"They saw catalogs as an opportunity to leverage marketing efforts and enter new markets," Vichitcholchai said. "Marketing through catalogs is now creating a very personalized experience." This, she added, is done through high-end content that resembles the editorial material in magazines. "It’s just another layer of the experience."

Less paper, but plenty of dollars at stake

All that said, the paper catalog’s peak is clearly behind it, if you measure in terms of sheer mail volume.

In 2016, some 9.8 billion catalogs were mailed to consumers, according to the Data & Marketing Association. (In perhaps a sign of the times, the 100-year-old DMA rebranded with the new, tech-friendly name last year, having formerly called itself the Direct Marketing Association.)

Last year’s volume is roughly half the 19.6 billion catalogs sent just a decade ago in 2007 — but it’s still a lot of catalogs. Moreover, retailers spend around $9 billion every year on catalog marketing, according to DMA. And not without reason. Some 100.7 million consumers made catalog purchases last year, according to DMA. Additionally, almost 40% of apparel shoppers, and more than a third of electronics and office supplies consumers, first learn about products through direct mail, according to data from Magid emailed to Retail Dive.

Morris said pure-play catalog retailers have been growing as a sector at 10% year over year. "I was speaking to some private equity people who had investments in a number of catalogs, and they came back and said this was an area they were investing in because the growth was sustainable," he said.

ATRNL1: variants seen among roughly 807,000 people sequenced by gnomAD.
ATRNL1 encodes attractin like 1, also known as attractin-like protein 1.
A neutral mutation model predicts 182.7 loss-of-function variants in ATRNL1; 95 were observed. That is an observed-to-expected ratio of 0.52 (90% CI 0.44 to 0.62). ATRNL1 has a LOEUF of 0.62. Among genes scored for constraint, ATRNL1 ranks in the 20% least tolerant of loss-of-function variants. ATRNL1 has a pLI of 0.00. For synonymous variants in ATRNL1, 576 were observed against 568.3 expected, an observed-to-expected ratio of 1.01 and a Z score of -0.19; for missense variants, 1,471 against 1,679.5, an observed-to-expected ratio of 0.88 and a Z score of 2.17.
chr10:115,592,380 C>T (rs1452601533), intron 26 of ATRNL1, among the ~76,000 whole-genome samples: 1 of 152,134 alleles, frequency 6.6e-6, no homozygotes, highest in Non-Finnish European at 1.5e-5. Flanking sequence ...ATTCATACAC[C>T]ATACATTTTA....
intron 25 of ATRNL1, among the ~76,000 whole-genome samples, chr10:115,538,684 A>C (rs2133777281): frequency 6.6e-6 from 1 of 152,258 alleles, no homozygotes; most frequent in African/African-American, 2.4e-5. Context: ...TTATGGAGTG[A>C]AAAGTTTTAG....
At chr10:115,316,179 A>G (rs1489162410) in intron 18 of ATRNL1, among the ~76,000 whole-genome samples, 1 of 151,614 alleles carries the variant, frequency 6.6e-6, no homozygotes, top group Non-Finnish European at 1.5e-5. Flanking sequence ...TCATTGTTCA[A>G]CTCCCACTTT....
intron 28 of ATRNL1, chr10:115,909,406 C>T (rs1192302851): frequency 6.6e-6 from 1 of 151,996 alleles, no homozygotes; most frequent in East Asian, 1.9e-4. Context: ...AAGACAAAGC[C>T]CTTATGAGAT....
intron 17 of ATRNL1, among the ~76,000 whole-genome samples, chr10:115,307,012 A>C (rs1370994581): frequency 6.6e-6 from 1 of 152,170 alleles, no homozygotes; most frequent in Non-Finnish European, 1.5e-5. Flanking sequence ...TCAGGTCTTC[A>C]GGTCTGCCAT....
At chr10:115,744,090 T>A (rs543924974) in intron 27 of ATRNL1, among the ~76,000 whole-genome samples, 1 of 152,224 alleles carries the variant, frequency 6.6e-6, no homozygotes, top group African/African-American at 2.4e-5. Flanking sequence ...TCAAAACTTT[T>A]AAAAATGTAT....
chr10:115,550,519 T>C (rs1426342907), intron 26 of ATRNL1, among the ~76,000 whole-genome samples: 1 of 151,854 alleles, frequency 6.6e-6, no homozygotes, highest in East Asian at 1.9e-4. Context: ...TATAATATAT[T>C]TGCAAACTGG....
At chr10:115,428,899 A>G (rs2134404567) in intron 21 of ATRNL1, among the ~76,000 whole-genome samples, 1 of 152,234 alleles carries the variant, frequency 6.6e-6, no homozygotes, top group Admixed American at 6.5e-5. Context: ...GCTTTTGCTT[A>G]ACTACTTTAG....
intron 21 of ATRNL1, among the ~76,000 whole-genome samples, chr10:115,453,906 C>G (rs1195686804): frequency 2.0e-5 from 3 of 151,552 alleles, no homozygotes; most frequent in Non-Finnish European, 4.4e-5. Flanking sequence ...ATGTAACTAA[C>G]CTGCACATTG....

And while the volume of catalogs has waned over the past decade, Egelanian, from his own observations, thinks the percentage of catalogs coming during the holiday season has increased. "I will probably get half the catalogs I get for the entire year between now and Christmas," he said. He added that this was likely a strategy to increase advertising through all mediums in an effort to pump up awareness, fourth quarter sales and of course to "try to stimulate their product as a gift idea."

'A key driver of sales'

If the paper catalog has durable value that lingers well into the future, it will likely be its power as a marketing medium.

Two names came up frequently in Retail Dive’s discussions with industry consultants: Williams Sonoma Inc. and Restoration Hardware. Of Restoration Hardware, Morris said: "I think their catalog is a work of art. It’s very, very high end. People end up wanting to see the products [in stores] because of how beautiful they look on the page."